When my great aunt died, she left everything to my dad. 

Going through her house, we were instructed to thoroughly search every nook and cranny. Toss nothing. 

See, my great aunt was a woman of the depression era and, like others who lived during that time, had a distrust for banks and other financial systems. As a result, she and her generation learned to stash cash around their houses. (It’s most likely where the idea of hiding money in the mattress got its start.) 

Not only did we find cash under my great aunt’s mattress, but we found bills inside books, sock drawers, and other places. 

The total amount recovered was somewhere over $2,000.

This story makes me think about the fact that I always have money on me, whether that’s the $10K stack on my desk or the cash I carry in my wallet. Why? Because I can see that I am the product of Aunt Mary’s influence. 

Culture plays a huge part in how we develop as humans. The first culture we are introduced to is our nuclear family. 

I didn’t grow up in the depression era and neither did my parents. Their parents did. And yet my siblings and I have a very strong attachment to the belief that we must “save everything and toss nothing”. This belief was inherited.

But notice that it wasn’t passed down from the beginning of time. It was created two generations ago as a reaction to current events (or more specifically, society’s perspective of current events).

Which is the next culture we are introduced to as humans—society. Whatever we’ve learned in the home, our cultural ideas are then shaped and influenced through the accumulation of experiences in school, church, communities, and/or the people we spend the most time with. 

Society imprints its cultural ideas around money through all of these groups, even if done unconsciously.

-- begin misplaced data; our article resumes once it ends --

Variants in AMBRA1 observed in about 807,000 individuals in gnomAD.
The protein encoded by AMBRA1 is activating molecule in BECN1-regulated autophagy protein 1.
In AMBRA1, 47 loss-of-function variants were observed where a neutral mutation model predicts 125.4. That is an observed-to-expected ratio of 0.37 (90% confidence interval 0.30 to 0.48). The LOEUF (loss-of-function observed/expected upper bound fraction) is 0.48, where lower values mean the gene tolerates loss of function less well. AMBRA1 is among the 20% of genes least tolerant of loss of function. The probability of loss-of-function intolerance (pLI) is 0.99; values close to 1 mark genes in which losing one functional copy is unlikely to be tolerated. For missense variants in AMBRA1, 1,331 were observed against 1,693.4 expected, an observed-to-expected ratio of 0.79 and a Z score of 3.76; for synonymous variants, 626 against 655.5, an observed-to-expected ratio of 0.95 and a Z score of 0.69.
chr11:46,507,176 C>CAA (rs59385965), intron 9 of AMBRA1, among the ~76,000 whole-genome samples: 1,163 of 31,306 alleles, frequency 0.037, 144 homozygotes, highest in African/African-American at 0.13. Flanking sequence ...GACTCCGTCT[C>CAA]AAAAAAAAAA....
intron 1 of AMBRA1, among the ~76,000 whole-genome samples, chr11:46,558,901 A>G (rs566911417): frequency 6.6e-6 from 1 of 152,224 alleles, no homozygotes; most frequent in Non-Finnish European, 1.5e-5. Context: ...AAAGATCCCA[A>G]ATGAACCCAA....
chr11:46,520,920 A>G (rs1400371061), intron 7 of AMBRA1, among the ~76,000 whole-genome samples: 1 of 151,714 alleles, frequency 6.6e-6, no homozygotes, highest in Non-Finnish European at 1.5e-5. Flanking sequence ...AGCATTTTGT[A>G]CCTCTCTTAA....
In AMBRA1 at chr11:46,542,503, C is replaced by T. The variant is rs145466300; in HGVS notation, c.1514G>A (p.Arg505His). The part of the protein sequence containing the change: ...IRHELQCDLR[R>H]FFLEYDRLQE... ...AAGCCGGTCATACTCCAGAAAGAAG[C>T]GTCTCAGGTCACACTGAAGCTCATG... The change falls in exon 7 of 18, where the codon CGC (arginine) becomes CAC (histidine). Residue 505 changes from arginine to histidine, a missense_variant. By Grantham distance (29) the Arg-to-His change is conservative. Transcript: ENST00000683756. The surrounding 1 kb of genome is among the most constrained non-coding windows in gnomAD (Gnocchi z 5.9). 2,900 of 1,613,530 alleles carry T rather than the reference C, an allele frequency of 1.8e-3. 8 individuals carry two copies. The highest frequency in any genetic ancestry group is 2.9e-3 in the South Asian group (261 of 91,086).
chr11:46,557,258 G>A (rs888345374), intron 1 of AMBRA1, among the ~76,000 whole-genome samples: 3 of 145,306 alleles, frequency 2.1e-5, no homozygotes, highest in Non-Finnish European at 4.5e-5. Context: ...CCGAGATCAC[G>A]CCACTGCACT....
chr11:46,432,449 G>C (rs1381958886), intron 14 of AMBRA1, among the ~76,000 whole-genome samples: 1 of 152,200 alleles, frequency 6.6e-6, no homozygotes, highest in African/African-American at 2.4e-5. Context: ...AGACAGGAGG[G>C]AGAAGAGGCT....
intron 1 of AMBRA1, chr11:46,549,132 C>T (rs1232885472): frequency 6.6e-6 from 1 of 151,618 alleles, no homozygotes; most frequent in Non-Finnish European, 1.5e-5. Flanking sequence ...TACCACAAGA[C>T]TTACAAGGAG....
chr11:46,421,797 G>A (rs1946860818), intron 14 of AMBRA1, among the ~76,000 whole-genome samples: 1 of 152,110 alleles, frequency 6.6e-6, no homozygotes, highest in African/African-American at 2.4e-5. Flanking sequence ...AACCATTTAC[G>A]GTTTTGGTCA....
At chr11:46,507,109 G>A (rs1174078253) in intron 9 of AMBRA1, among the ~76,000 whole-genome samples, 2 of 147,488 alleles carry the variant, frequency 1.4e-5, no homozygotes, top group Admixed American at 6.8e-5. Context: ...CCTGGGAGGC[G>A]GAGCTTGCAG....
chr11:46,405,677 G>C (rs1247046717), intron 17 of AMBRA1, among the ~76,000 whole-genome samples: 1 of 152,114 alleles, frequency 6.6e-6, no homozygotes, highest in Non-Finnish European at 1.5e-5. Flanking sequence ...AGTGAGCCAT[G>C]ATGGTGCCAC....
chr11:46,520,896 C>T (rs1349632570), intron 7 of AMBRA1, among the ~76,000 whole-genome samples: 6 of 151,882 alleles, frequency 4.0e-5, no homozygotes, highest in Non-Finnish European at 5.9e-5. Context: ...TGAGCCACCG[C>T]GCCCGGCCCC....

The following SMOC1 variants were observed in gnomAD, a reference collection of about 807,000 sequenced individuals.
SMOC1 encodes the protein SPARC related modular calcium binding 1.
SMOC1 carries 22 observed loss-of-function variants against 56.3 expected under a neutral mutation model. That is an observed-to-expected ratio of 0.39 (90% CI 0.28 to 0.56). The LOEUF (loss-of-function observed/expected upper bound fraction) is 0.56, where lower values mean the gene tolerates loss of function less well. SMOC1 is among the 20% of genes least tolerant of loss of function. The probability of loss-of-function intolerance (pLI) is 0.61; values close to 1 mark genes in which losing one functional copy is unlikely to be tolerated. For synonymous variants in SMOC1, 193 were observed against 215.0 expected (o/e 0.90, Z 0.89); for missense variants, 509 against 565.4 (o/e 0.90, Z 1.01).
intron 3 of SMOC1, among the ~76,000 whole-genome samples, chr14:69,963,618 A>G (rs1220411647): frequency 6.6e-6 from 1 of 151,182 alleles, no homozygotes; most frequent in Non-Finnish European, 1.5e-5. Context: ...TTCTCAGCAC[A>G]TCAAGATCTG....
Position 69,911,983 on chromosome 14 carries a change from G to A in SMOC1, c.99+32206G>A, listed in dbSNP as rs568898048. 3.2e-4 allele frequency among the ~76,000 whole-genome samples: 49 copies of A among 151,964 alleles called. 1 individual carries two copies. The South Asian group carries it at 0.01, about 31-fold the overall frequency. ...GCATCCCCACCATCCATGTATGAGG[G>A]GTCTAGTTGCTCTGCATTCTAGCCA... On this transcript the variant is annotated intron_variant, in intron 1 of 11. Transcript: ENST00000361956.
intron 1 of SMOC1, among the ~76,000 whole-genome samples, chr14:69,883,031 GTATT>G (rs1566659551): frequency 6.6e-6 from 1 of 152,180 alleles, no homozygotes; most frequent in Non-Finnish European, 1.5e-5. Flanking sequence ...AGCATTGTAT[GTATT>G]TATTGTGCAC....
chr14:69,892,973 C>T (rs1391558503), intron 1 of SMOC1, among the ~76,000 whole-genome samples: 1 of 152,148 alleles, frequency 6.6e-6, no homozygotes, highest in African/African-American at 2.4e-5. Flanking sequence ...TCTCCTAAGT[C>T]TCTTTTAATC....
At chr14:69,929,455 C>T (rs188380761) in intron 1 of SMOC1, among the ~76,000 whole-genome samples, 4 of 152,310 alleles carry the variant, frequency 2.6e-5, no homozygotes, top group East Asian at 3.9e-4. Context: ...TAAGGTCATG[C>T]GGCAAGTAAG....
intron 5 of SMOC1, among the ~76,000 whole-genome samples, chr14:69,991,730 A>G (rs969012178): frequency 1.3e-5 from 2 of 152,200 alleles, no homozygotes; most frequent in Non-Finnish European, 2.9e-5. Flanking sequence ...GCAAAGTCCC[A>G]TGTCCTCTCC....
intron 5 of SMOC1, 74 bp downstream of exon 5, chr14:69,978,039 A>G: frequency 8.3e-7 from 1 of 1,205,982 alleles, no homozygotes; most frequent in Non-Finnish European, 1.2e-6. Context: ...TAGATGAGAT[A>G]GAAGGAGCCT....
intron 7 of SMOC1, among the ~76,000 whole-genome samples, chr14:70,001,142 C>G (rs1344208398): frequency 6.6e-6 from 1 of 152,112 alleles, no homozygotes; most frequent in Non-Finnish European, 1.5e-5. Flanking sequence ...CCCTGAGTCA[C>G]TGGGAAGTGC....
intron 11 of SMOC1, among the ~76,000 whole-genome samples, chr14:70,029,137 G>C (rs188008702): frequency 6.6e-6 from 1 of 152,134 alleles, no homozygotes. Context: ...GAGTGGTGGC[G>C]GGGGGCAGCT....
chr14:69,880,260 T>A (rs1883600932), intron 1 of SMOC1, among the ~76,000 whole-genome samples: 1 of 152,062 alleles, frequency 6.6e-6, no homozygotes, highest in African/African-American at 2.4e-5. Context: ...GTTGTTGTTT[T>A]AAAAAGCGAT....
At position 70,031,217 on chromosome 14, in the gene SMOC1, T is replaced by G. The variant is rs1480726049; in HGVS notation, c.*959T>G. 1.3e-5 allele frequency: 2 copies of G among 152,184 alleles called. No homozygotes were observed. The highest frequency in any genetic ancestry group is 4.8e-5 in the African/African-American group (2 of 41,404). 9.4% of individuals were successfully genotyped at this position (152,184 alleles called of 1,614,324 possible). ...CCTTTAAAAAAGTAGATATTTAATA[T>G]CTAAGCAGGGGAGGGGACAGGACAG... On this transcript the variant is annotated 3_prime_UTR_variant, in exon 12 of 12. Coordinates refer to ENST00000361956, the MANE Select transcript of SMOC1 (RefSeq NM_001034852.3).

Understanding our cultural perspectives—whether inherited from family or created by society—can help us understand how we’ve come to view and interact with money. 

Inside those stories may be the key to identifying the opportunities we are missing because of the cultural ideas we have assumed are truth instead of challenging them. 


Here’s the 3-2-1 on the cultural impact on your earning potential.


  1. Cultural ideas about money can impact our earning potential. If we are told we can’t make a certain amount of money because of our gender or the color of our skin, and then systems of power and wealth reflect that belief, it can influence how we see financial possibility for ourselves.
  2. When we understand our cultural perspectives, we can see how these perspectives shaped our thoughts, feelings, and actions toward money. I call this the money story. When we can see it, we can do something to change it.
  3. Even people who society considers successful live by money stories they have internalized. The $50M earner struggles with their own inner narratives just as the person making $100K does. Money stories impact us all.


  1. Make a list of all the beliefs about money you inherited from your family or created because of society. Challenge each of them. What evidence can you find that proves the belief is NOT true?
  2. Re-evaluate your attitudes of money. Then, focusing on the attitude needing the most improvement, ask yourself what family or societal stories are impacting that attitude.


  1. What am I going to do to change my money story?

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To your impact and legacy,